6. 6. Myths About Post-Graduate Degrees & Job Search Adapted from an article from the University of Florida, Career Resource Centre Myth 1: “I have no skills outside of academia” Truth: You have gained many valuable transferable skills throughout your education These are also known as employability skills that many employers will find attractive. These are gained through your research work (both for your papers and for the professor you had worked for), projects, committees, volunteer work, student organizations and survival work. Some examples of these skills include:  Communication skills  Training/Consulting  Research skills  Problem Solving and Leadership skills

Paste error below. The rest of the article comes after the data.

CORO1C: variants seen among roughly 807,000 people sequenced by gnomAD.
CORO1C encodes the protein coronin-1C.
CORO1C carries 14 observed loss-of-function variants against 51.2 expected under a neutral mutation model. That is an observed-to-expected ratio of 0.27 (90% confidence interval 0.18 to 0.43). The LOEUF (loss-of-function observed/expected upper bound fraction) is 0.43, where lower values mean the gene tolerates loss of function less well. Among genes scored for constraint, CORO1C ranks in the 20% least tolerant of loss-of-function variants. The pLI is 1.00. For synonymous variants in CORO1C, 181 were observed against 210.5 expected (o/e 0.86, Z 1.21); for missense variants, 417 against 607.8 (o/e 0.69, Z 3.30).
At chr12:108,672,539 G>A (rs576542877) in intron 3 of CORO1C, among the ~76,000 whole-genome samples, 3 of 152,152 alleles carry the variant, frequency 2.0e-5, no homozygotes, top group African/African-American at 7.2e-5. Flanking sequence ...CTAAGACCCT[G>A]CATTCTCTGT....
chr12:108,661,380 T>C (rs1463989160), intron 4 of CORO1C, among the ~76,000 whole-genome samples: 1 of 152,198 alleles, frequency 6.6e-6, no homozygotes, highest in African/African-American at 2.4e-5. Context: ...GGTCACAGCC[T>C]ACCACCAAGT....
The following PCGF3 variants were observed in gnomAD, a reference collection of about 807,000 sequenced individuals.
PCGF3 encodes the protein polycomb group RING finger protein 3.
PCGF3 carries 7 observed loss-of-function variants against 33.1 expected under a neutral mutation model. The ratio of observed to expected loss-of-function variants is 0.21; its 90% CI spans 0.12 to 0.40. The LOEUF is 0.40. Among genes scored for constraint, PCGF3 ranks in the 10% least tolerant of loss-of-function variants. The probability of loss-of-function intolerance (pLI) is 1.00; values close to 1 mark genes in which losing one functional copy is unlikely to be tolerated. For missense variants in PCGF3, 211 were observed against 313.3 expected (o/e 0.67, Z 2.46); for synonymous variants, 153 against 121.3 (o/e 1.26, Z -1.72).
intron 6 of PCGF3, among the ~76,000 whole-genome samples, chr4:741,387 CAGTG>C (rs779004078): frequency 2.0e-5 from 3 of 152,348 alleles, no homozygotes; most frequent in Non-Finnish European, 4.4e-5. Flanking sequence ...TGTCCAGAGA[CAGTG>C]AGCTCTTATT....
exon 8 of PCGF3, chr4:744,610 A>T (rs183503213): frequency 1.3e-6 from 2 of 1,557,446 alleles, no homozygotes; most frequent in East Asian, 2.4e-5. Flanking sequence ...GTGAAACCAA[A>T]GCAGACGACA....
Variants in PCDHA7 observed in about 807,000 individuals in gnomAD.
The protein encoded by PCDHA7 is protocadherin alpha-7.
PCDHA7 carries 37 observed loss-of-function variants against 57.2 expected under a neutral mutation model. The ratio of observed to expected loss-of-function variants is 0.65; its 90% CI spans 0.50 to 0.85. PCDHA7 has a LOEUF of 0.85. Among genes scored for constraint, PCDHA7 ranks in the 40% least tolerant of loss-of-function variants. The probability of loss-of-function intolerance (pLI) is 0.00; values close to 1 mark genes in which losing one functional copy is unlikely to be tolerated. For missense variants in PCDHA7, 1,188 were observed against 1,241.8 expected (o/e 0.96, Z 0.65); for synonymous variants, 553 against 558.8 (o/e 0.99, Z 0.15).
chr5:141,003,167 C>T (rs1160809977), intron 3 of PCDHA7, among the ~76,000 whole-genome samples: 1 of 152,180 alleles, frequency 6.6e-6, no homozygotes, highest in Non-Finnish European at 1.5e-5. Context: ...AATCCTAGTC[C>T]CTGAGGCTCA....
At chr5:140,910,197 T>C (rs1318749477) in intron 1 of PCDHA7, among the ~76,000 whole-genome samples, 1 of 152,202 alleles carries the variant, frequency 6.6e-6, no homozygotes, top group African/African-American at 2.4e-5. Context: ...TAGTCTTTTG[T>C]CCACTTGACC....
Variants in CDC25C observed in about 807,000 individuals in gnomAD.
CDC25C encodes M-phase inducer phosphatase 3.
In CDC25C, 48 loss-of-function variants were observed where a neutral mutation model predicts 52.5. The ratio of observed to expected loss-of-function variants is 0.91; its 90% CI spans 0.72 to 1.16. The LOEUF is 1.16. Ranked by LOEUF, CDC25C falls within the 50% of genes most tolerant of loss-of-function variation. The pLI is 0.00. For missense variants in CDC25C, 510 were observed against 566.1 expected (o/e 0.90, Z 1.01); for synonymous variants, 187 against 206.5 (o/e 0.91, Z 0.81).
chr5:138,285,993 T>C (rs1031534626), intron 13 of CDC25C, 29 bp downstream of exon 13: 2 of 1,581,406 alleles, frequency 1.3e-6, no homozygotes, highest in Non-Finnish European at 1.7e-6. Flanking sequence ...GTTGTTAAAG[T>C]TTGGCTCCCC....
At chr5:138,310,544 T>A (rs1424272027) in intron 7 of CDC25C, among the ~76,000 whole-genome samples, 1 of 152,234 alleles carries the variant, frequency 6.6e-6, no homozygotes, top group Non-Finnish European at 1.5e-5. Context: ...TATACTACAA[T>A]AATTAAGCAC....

7. 7. Myth 2: “No one will hire me with such little work experience” Truth: You have already gained valuable work experience What you need to remember is that you need to “speak” the language of the employers when discussing your experiences. You have many skills and experiences to offer to employers, but you need to bridge the “meaning” of what these are so that the employer sees its value. This means learning to say what they want to hear.
  8. 8. Myth 3: “I have no idea where to work” “It’s impossible to get a job” “I’m over qualified” Truth: You are not overqualified. There are plenty of places to work, however, you just might need to think outside of the box.
  9. 9. Myth 4: “I can’t talk to my advisor. They want me to stay in academia” Truth: You are not the first person to explore other options. It is important to speak honestly with your advisors and mentors. However, you want to avoid just dropping this idea on them. It is better to approach this concern with more of an exploratory discussion method. That way, you can get their advice and potential leads for others who have also gone through this process.